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The development of a classification system which reflects, the underlying genetic
abnormalities which lead to the phenotype of the neoplasm, requires a diagnostic
category to which can be assigned tumors which do not fit into any of the
established categories. This is "renal cell carcinoma, unclassified."Any primary
renal epithelial malignancy which does not fit into the recognized diagnostic
categories belongs in this one. Features which might prompt this diagnosis are
shown in the box.
Renal Cell Carcinoma, Unclassified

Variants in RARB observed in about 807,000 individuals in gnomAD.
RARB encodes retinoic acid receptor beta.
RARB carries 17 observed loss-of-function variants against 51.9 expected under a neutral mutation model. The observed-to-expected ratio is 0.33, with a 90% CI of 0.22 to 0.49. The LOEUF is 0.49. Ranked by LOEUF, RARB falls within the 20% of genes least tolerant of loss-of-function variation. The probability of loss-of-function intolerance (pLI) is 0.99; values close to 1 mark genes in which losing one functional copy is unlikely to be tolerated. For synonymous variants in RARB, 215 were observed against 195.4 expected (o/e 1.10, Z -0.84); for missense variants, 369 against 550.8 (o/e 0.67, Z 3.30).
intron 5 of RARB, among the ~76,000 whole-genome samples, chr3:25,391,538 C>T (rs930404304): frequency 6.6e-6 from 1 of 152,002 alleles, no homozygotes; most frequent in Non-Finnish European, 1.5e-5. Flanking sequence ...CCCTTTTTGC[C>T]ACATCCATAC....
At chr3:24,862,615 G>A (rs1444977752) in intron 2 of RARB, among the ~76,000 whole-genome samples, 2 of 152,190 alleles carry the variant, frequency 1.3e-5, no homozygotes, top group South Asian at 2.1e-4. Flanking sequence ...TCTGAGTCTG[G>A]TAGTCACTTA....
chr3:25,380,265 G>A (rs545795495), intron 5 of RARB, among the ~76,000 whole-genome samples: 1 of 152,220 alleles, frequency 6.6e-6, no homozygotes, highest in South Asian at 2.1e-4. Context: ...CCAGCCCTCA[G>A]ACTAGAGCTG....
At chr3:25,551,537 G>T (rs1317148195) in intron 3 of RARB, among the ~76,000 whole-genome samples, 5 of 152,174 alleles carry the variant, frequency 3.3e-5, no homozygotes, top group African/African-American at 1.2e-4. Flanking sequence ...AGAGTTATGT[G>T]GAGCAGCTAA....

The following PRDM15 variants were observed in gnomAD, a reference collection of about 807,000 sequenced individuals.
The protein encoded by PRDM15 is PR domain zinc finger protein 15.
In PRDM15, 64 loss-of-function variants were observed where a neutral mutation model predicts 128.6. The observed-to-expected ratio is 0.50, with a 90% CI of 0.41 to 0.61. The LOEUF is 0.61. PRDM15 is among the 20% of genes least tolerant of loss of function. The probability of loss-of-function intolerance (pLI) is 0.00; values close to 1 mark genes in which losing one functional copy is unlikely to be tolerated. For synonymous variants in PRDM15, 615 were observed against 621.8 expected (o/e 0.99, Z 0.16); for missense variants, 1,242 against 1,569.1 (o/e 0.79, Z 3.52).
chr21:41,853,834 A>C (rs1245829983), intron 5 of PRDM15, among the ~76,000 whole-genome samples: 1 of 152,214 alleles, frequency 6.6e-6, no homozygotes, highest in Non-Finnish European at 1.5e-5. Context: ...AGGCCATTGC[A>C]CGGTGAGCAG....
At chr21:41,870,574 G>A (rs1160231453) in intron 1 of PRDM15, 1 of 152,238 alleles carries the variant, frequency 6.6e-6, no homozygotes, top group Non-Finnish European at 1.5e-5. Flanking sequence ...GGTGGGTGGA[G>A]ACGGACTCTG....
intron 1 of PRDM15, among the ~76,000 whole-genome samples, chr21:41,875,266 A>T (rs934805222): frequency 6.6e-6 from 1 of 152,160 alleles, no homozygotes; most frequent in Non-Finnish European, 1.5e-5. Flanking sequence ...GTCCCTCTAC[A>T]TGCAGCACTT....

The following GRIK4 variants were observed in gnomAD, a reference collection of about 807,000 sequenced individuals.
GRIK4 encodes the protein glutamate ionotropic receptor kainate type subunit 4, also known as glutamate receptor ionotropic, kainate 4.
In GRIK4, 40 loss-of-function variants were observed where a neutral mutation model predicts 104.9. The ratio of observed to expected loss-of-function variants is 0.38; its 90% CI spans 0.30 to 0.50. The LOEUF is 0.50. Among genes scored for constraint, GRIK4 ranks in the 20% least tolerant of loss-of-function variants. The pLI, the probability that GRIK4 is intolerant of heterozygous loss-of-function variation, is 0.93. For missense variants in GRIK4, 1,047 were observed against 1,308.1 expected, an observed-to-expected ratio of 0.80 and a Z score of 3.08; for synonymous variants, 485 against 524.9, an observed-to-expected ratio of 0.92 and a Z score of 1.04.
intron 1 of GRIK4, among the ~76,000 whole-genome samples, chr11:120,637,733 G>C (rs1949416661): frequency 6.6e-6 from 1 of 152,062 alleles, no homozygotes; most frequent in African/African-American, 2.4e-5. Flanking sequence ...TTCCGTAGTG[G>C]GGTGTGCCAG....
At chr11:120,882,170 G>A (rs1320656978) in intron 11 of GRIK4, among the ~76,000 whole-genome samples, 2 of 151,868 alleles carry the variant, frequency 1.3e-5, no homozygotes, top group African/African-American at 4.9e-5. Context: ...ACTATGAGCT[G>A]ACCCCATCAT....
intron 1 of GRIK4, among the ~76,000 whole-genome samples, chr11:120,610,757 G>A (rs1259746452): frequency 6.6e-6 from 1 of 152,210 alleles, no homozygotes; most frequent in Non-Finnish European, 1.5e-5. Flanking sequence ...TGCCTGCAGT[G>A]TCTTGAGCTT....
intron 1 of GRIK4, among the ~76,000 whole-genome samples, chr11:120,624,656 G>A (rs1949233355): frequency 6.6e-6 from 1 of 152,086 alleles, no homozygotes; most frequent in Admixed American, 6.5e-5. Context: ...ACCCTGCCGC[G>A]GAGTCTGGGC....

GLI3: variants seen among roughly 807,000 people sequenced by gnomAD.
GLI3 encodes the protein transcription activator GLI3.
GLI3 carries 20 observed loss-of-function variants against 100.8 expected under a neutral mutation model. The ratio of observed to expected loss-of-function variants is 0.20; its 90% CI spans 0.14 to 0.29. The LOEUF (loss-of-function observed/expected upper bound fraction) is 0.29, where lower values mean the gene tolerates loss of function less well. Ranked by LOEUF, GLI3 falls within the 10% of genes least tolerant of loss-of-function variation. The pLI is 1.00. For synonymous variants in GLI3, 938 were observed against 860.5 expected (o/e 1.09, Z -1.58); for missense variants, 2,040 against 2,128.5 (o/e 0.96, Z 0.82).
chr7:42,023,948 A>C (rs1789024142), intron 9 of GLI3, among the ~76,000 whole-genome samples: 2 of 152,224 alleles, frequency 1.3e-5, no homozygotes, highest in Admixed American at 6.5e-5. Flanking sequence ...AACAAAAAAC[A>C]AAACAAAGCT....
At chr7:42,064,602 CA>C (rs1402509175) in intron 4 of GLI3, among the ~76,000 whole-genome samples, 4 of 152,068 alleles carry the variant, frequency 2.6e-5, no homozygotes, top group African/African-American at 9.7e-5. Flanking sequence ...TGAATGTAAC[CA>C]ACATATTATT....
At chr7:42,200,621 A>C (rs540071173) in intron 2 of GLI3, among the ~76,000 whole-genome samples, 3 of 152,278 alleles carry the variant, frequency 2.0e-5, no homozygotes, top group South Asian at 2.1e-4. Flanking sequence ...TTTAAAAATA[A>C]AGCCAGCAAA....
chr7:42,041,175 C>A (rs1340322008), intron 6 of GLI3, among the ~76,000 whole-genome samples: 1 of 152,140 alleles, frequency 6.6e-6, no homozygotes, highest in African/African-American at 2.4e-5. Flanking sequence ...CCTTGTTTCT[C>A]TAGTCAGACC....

Contains morphology not accepted in recognized categories
Apparent composites of recognized types
Sarcomatoid without recognizable epithelial elements
Mixtures of epithelial and stromal elements
Unrecognizable cell types
Differential diagnosis: The differential diagnostic possibilities are broad.
Metastasis should always be considered when a peculiar-looking carcinoma is found
in the kidney. Since a variety of appearances have been ascribed to collecting
duct carcinoma, some tumors which we would consider to be renal cell carcinoma,
unclassified, would be considered by others to be collecting duct carcinoma.
Epithelioid angiomyolipoma (see below) is another differential diagnostic
consideration and immunohistochemistry for HMB-45 and actin can be helpful in
making this distinction.